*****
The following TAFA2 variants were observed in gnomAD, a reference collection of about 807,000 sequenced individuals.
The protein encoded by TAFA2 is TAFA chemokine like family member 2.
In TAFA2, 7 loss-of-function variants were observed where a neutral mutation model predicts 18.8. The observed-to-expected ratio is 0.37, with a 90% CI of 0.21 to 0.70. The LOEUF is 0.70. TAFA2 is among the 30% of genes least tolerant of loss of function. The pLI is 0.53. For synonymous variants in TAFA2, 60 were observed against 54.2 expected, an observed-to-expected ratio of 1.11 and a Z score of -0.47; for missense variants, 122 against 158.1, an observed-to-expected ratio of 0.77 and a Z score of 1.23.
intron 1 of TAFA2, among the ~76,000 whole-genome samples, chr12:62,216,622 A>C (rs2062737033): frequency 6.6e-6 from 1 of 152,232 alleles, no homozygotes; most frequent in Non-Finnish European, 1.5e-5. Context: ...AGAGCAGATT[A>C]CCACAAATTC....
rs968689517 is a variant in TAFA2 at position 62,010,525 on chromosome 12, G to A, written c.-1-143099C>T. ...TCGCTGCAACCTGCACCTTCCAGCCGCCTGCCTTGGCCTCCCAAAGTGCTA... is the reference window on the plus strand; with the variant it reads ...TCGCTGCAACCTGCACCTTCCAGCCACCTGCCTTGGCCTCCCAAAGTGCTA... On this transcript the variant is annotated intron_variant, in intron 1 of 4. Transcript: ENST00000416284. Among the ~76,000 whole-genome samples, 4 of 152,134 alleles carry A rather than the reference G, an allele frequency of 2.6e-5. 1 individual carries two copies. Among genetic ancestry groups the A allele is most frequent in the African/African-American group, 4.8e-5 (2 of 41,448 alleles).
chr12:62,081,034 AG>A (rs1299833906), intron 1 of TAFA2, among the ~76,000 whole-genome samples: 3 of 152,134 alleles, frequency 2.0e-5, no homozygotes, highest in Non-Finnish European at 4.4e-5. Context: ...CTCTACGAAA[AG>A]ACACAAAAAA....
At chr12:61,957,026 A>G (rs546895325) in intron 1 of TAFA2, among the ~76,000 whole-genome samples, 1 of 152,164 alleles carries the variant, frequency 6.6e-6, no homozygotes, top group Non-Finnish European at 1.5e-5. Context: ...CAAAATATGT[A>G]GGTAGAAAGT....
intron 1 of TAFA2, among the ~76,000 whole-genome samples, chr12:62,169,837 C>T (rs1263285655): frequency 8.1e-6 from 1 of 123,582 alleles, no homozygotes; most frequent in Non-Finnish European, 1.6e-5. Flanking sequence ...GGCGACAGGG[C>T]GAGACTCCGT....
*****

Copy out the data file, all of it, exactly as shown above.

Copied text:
The following TAFA2 variants were observed in gnomAD, a reference collection of about 807,000 sequenced individuals.
The protein encoded by TAFA2 is TAFA chemokine like family member 2.
In TAFA2, 7 loss-of-function variants were observed where a neutral mutation model predicts 18.8. The observed-to-expected ratio is 0.37, with a 90% CI of 0.21 to 0.70. The LOEUF is 0.70. TAFA2 is among the 30% of genes least tolerant of loss of function. The pLI is 0.53. For synonymous variants in TAFA2, 60 were observed against 54.2 expected, an observed-to-expected ratio of 1.11 and a Z score of -0.47; for missense variants, 122 against 158.1, an observed-to-expected ratio of 0.77 and a Z score of 1.23.
intron 1 of TAFA2, among the ~76,000 whole-genome samples, chr12:62,216,622 A>C (rs2062737033): frequency 6.6e-6 from 1 of 152,232 alleles, no homozygotes; most frequent in Non-Finnish European, 1.5e-5. Context: ...AGAGCAGATT[A>C]CCACAAATTC....
rs968689517 is a variant in TAFA2 at position 62,010,525 on chromosome 12, G to A, written c.-1-143099C>T. ...TCGCTGCAACCTGCACCTTCCAGCCGCCTGCCTTGGCCTCCCAAAGTGCTA... is the reference window on the plus strand; with the variant it reads ...TCGCTGCAACCTGCACCTTCCAGCCACCTGCCTTGGCCTCCCAAAGTGCTA... On this transcript the variant is annotated intron_variant, in intron 1 of 4. Transcript: ENST00000416284. Among the ~76,000 whole-genome samples, 4 of 152,134 alleles carry A rather than the reference G, an allele frequency of 2.6e-5. 1 individual carries two copies. Among genetic ancestry groups the A allele is most frequent in the African/African-American group, 4.8e-5 (2 of 41,448 alleles).
chr12:62,081,034 AG>A (rs1299833906), intron 1 of TAFA2, among the ~76,000 whole-genome samples: 3 of 152,134 alleles, frequency 2.0e-5, no homozygotes, highest in Non-Finnish European at 4.4e-5. Context: ...CTCTACGAAA[AG>A]ACACAAAAAA....
At chr12:61,957,026 A>G (rs546895325) in intron 1 of TAFA2, among the ~76,000 whole-genome samples, 1 of 152,164 alleles carries the variant, frequency 6.6e-6, no homozygotes, top group Non-Finnish European at 1.5e-5. Context: ...CAAAATATGT[A>G]GGTAGAAAGT....
intron 1 of TAFA2, among the ~76,000 whole-genome samples, chr12:62,169,837 C>T (rs1263285655): frequency 8.1e-6 from 1 of 123,582 alleles, no homozygotes; most frequent in Non-Finnish European, 1.6e-5. Flanking sequence ...GGCGACAGGG[C>T]GAGACTCCGT....